It was in the best interest of the shareholders of both Comed and C.M.S. that the contract of sale of the hospital property to U.R.C. and C.M.H.I. be completed and the proceeds of sale be properly and promptly distributed. The gist of plaintiff's derivative suit, however, was to rescind the sale which was not in the best interests of the shareholders of Comed or C.M.S. Plaintiff's suit subjected Comed to liability in a substantial amount on its indemnity contract with U.R.C. and C.M.H.I. for the cost of defending this derivative action.
The interests of Comed and C.M.S. were shown by the shareholders meetings of each company held after the suit had been filed. Comed's shareholders on December 28, 1972, overwhelmingly ratified the challenged transactions by a vote of 13,702 to 100, with only plaintiff's shares cast in opposition. Plaintiff's interest was further shown by the filing of an action in the Common Pleas Court of Hamilton County, Ohio, to have the value of their 100 shares appraised resulting in an appraisal of $1,900.00. Plaintiffs later consented to the redemption of their shares by Comed for $2,500.00 whereby they no longer had any interest in Comed.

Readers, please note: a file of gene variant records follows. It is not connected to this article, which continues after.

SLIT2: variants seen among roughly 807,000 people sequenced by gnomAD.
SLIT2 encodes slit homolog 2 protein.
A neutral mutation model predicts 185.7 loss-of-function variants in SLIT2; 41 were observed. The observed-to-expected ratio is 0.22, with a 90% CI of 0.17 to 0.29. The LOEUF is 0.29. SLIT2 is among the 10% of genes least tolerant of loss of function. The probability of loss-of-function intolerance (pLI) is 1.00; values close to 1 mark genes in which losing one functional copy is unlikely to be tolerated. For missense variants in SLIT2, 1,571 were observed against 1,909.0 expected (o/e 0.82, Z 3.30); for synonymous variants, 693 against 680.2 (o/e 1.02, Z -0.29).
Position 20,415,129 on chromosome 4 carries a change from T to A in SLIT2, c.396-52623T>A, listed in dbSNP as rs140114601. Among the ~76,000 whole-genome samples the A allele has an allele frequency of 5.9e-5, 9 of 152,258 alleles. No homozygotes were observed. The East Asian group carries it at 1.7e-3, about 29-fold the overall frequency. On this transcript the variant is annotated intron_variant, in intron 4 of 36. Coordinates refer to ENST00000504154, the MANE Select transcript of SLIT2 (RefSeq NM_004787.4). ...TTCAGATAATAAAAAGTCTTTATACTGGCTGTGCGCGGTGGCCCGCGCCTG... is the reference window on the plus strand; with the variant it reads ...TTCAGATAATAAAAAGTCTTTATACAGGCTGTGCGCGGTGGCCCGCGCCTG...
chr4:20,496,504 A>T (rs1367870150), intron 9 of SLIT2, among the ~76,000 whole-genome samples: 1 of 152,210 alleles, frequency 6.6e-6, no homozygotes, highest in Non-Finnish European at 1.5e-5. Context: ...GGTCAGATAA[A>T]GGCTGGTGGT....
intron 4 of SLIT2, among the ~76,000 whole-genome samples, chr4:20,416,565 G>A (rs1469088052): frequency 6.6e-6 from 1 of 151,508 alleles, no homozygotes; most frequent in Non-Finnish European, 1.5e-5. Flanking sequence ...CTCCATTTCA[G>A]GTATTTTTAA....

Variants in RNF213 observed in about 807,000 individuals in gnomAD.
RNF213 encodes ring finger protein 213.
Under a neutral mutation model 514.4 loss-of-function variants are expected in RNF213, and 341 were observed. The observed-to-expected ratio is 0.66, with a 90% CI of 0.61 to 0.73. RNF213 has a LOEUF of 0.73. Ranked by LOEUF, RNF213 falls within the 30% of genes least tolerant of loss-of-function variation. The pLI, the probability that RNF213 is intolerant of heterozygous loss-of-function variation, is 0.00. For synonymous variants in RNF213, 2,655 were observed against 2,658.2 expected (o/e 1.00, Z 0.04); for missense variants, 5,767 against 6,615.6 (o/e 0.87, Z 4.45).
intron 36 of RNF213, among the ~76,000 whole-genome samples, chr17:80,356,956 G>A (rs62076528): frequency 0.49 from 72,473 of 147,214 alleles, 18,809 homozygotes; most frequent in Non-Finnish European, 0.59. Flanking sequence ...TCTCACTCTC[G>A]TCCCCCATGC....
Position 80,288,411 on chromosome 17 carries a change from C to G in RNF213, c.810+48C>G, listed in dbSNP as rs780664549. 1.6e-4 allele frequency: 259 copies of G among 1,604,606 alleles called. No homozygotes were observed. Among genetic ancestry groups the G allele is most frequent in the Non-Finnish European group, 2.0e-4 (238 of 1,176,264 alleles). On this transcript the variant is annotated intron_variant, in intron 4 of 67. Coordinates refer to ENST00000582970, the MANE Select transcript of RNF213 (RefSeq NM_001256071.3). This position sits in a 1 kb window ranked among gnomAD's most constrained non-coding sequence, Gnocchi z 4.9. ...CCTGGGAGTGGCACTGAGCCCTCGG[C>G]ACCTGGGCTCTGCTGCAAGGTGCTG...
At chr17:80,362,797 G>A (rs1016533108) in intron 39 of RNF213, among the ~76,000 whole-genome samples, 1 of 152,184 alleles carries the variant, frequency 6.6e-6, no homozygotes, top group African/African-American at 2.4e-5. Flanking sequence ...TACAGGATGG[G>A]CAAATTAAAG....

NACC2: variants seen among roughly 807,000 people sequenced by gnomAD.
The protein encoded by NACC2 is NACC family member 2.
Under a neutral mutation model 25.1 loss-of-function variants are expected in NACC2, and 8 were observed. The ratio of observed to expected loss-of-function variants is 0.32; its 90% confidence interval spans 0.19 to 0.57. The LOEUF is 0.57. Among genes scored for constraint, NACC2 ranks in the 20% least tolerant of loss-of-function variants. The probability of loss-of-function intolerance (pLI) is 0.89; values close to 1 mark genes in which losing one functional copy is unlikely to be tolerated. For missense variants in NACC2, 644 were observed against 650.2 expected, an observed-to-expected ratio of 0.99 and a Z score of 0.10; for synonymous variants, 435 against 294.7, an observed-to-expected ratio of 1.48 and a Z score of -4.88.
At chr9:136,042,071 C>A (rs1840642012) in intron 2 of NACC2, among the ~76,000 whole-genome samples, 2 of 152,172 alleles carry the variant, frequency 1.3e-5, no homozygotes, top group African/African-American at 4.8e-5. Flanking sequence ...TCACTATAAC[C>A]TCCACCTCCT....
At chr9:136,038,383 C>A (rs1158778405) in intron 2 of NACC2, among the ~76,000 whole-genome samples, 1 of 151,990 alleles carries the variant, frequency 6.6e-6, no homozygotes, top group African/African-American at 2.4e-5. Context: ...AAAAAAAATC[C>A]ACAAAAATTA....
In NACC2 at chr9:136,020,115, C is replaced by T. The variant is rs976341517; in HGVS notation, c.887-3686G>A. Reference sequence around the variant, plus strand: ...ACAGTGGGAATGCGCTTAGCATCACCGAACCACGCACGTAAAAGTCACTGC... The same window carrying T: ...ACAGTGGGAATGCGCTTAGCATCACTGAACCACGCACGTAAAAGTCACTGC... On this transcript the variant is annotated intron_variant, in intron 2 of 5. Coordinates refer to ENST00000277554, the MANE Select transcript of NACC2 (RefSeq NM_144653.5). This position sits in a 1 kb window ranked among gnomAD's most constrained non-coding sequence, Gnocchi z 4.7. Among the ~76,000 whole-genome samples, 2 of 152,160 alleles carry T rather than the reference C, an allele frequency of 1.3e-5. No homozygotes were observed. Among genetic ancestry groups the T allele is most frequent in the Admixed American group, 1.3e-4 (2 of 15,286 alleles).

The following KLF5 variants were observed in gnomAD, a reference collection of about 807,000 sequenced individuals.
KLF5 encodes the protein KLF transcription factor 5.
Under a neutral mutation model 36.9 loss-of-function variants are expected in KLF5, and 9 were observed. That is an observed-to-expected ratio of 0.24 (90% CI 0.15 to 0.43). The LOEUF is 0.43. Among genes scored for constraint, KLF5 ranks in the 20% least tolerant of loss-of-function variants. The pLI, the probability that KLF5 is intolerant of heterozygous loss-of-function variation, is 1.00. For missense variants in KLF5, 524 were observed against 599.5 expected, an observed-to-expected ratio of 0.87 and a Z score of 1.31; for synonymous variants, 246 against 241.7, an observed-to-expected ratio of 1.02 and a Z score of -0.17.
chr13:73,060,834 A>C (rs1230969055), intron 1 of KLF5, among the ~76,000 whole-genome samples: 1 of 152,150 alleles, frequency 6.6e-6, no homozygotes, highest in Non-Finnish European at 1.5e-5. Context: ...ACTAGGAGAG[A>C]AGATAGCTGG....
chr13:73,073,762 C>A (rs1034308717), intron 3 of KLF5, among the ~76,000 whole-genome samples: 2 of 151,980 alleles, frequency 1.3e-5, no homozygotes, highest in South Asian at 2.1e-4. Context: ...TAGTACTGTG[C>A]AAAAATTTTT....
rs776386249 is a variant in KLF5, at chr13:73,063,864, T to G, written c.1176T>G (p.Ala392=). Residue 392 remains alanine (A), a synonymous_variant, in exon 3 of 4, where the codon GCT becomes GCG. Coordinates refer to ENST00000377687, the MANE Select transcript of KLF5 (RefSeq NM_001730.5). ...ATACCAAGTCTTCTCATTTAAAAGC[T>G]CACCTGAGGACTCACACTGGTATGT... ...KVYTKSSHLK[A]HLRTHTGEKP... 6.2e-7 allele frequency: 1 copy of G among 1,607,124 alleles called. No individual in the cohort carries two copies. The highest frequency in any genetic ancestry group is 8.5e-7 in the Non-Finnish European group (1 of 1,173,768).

On October 15, 1971, the shareholders of C.M.S. at a meeting overwhelmingly ratified the challenged transactions by a vote of 2,723,844 to 20,540 votes, the only opposition thereto were the shares of Davis and the shares of his cohort Datches. Davis and his cohorts were interested in acquiring the hospital property for themselves if possible at a foreclosure sale or by other means and they had plans for developing the property for their own benefit. This is not in the best interests of the shareholders of Comed and C.M.S.